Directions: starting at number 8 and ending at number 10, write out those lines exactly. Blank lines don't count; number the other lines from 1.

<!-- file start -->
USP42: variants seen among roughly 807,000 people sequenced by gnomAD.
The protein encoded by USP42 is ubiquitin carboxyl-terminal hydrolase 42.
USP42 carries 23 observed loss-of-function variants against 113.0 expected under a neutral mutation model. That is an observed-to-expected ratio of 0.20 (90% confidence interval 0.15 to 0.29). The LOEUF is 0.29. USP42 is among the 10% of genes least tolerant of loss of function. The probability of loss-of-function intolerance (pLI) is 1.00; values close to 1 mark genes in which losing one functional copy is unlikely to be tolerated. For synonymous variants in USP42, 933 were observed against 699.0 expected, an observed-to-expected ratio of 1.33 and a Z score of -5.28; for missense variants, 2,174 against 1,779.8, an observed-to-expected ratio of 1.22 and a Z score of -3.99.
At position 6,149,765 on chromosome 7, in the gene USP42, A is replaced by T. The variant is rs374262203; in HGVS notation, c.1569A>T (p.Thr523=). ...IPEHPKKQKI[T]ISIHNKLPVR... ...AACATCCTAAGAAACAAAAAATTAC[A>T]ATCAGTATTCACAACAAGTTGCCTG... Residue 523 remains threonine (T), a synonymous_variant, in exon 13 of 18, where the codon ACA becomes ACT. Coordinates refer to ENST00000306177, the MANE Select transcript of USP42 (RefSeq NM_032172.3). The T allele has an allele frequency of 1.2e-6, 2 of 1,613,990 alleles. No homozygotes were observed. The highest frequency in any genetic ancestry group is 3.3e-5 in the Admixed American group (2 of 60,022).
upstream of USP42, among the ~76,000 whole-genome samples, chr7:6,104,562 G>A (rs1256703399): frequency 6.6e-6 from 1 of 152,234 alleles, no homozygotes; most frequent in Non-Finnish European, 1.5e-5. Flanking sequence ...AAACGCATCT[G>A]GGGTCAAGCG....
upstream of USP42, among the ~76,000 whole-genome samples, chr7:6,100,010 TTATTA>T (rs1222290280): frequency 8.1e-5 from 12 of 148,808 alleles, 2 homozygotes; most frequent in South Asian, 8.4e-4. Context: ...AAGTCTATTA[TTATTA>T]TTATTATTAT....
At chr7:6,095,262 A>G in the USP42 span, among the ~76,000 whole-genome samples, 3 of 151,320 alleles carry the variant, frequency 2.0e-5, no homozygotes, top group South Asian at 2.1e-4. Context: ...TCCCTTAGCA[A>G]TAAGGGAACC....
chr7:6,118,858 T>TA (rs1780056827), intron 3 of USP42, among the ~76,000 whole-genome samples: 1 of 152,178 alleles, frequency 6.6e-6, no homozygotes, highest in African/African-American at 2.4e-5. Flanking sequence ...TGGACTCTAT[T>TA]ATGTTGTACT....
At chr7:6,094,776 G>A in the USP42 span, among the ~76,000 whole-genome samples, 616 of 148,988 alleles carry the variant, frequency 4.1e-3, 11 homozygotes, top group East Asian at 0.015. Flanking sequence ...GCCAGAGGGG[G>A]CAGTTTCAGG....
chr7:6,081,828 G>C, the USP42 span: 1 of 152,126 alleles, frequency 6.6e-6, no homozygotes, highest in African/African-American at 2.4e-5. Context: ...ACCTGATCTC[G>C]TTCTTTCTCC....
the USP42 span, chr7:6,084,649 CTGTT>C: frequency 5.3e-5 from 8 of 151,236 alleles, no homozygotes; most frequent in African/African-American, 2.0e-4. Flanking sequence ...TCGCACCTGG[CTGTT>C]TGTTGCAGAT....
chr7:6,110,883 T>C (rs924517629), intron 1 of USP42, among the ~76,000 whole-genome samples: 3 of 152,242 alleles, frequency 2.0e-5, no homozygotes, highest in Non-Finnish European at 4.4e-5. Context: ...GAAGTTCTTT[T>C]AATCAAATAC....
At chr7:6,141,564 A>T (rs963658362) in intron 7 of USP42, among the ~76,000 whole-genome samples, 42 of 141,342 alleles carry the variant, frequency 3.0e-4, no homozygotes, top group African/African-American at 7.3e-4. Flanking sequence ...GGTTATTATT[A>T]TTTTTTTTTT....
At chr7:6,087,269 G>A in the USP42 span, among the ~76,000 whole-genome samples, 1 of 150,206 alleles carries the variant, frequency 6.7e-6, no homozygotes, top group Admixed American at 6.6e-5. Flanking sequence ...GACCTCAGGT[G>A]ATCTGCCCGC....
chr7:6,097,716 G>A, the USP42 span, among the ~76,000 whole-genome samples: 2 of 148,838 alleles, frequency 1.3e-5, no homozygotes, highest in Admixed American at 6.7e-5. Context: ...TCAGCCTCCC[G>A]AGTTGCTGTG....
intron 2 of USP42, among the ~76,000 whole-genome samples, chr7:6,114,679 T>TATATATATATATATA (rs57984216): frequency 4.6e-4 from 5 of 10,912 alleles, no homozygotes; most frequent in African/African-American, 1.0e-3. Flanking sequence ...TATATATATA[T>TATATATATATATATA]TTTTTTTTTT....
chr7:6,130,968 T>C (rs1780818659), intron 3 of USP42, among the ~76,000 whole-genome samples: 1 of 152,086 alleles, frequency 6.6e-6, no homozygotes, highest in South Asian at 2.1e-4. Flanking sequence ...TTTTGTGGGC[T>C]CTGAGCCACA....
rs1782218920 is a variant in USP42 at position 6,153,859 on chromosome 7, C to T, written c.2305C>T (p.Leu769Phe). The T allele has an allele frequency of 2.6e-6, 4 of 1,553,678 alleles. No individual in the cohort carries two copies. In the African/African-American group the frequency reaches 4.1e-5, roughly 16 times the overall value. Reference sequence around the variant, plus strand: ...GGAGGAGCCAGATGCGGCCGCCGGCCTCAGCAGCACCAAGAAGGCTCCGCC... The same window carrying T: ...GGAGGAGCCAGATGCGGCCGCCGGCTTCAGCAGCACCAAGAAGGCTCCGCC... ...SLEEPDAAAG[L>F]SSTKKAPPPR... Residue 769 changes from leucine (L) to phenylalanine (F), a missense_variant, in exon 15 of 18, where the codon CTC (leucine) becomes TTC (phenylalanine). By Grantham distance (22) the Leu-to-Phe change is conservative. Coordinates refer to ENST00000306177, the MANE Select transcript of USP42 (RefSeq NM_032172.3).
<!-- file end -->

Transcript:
chr7:6,118,858 T>TA (rs1780056827), intron 3 of USP42, among the ~76,000 whole-genome samples: 1 of 152,178 alleles, frequency 6.6e-6, no homozygotes, highest in African/African-American at 2.4e-5. Flanking sequence ...TGGACTCTAT[T>TA]ATGTTGTACT....
At chr7:6,094,776 G>A in the USP42 span, among the ~76,000 whole-genome samples, 616 of 148,988 alleles carry the variant, frequency 4.1e-3, 11 homozygotes, top group East Asian at 0.015. Flanking sequence ...GCCAGAGGGG[G>A]CAGTTTCAGG....
chr7:6,081,828 G>C, the USP42 span: 1 of 152,126 alleles, frequency 6.6e-6, no homozygotes, highest in African/African-American at 2.4e-5. Context: ...ACCTGATCTC[G>C]TTCTTTCTCC....